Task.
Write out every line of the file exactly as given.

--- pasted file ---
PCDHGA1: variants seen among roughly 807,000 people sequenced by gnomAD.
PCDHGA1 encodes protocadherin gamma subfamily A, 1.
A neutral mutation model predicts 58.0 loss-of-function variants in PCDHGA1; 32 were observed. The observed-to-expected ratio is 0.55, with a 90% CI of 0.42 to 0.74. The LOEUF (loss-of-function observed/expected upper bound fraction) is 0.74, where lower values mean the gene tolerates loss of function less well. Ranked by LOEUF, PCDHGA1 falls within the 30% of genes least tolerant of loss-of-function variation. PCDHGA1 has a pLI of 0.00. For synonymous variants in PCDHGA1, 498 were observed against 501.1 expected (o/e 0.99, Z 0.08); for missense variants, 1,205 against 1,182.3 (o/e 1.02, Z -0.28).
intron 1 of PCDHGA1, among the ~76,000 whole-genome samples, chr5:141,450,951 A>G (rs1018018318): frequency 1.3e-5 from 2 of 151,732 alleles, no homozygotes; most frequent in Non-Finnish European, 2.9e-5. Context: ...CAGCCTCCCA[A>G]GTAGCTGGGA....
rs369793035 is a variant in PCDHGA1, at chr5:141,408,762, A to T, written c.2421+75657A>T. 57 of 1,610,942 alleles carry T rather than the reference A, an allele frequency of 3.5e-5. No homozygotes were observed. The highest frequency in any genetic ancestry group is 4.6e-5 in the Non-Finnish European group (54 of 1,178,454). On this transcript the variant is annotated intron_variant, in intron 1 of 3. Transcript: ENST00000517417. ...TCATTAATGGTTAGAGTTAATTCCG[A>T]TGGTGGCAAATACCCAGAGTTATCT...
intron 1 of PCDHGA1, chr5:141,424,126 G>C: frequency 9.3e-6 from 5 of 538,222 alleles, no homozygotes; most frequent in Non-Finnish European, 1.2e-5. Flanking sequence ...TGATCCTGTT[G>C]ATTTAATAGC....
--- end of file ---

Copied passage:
PCDHGA1: variants seen among roughly 807,000 people sequenced by gnomAD.
PCDHGA1 encodes protocadherin gamma subfamily A, 1.
A neutral mutation model predicts 58.0 loss-of-function variants in PCDHGA1; 32 were observed. The observed-to-expected ratio is 0.55, with a 90% CI of 0.42 to 0.74. The LOEUF (loss-of-function observed/expected upper bound fraction) is 0.74, where lower values mean the gene tolerates loss of function less well. Ranked by LOEUF, PCDHGA1 falls within the 30% of genes least tolerant of loss-of-function variation. PCDHGA1 has a pLI of 0.00. For synonymous variants in PCDHGA1, 498 were observed against 501.1 expected (o/e 0.99, Z 0.08); for missense variants, 1,205 against 1,182.3 (o/e 1.02, Z -0.28).
intron 1 of PCDHGA1, among the ~76,000 whole-genome samples, chr5:141,450,951 A>G (rs1018018318): frequency 1.3e-5 from 2 of 151,732 alleles, no homozygotes; most frequent in Non-Finnish European, 2.9e-5. Context: ...CAGCCTCCCA[A>G]GTAGCTGGGA....
rs369793035 is a variant in PCDHGA1, at chr5:141,408,762, A to T, written c.2421+75657A>T. 57 of 1,610,942 alleles carry T rather than the reference A, an allele frequency of 3.5e-5. No homozygotes were observed. The highest frequency in any genetic ancestry group is 4.6e-5 in the Non-Finnish European group (54 of 1,178,454). On this transcript the variant is annotated intron_variant, in intron 1 of 3. Transcript: ENST00000517417. ...TCATTAATGGTTAGAGTTAATTCCG[A>T]TGGTGGCAAATACCCAGAGTTATCT...
intron 1 of PCDHGA1, chr5:141,424,126 G>C: frequency 9.3e-6 from 5 of 538,222 alleles, no homozygotes; most frequent in Non-Finnish European, 1.2e-5. Flanking sequence ...TGATCCTGTT[G>C]ATTTAATAGC....